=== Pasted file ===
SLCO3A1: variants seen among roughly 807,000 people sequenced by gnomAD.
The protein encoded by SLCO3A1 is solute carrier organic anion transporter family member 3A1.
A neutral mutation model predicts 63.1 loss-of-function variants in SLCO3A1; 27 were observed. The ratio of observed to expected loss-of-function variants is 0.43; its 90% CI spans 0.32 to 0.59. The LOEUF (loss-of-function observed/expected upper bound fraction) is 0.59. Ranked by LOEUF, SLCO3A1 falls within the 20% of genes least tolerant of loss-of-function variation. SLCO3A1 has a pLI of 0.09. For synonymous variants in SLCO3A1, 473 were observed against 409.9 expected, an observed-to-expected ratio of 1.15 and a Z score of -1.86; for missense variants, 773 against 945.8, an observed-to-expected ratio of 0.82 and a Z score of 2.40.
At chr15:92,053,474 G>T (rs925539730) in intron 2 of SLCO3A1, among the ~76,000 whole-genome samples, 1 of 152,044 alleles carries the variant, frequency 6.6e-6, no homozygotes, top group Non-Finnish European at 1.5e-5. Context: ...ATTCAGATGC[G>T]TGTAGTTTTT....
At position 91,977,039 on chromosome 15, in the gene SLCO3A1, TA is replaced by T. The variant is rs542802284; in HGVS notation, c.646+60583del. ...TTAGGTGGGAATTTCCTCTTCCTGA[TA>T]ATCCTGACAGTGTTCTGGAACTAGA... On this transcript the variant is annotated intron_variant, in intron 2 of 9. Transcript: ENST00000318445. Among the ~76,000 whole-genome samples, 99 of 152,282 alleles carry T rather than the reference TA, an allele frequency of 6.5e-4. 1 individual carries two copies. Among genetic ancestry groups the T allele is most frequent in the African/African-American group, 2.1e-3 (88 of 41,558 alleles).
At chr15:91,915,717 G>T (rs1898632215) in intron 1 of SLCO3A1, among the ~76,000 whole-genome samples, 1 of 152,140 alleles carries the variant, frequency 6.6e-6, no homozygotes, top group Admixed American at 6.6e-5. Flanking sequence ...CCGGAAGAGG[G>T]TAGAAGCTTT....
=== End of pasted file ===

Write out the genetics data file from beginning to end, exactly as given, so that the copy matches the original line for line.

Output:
SLCO3A1: variants seen among roughly 807,000 people sequenced by gnomAD.
The protein encoded by SLCO3A1 is solute carrier organic anion transporter family member 3A1.
A neutral mutation model predicts 63.1 loss-of-function variants in SLCO3A1; 27 were observed. The ratio of observed to expected loss-of-function variants is 0.43; its 90% CI spans 0.32 to 0.59. The LOEUF (loss-of-function observed/expected upper bound fraction) is 0.59. Ranked by LOEUF, SLCO3A1 falls within the 20% of genes least tolerant of loss-of-function variation. SLCO3A1 has a pLI of 0.09. For synonymous variants in SLCO3A1, 473 were observed against 409.9 expected, an observed-to-expected ratio of 1.15 and a Z score of -1.86; for missense variants, 773 against 945.8, an observed-to-expected ratio of 0.82 and a Z score of 2.40.
At chr15:92,053,474 G>T (rs925539730) in intron 2 of SLCO3A1, among the ~76,000 whole-genome samples, 1 of 152,044 alleles carries the variant, frequency 6.6e-6, no homozygotes, top group Non-Finnish European at 1.5e-5. Context: ...ATTCAGATGC[G>T]TGTAGTTTTT....
At position 91,977,039 on chromosome 15, in the gene SLCO3A1, TA is replaced by T. The variant is rs542802284; in HGVS notation, c.646+60583del. ...TTAGGTGGGAATTTCCTCTTCCTGA[TA>T]ATCCTGACAGTGTTCTGGAACTAGA... On this transcript the variant is annotated intron_variant, in intron 2 of 9. Transcript: ENST00000318445. Among the ~76,000 whole-genome samples, 99 of 152,282 alleles carry T rather than the reference TA, an allele frequency of 6.5e-4. 1 individual carries two copies. Among genetic ancestry groups the T allele is most frequent in the African/African-American group, 2.1e-3 (88 of 41,558 alleles).
At chr15:91,915,717 G>T (rs1898632215) in intron 1 of SLCO3A1, among the ~76,000 whole-genome samples, 1 of 152,140 alleles carries the variant, frequency 6.6e-6, no homozygotes, top group Admixed American at 6.6e-5. Flanking sequence ...CCGGAAGAGG[G>T]TAGAAGCTTT....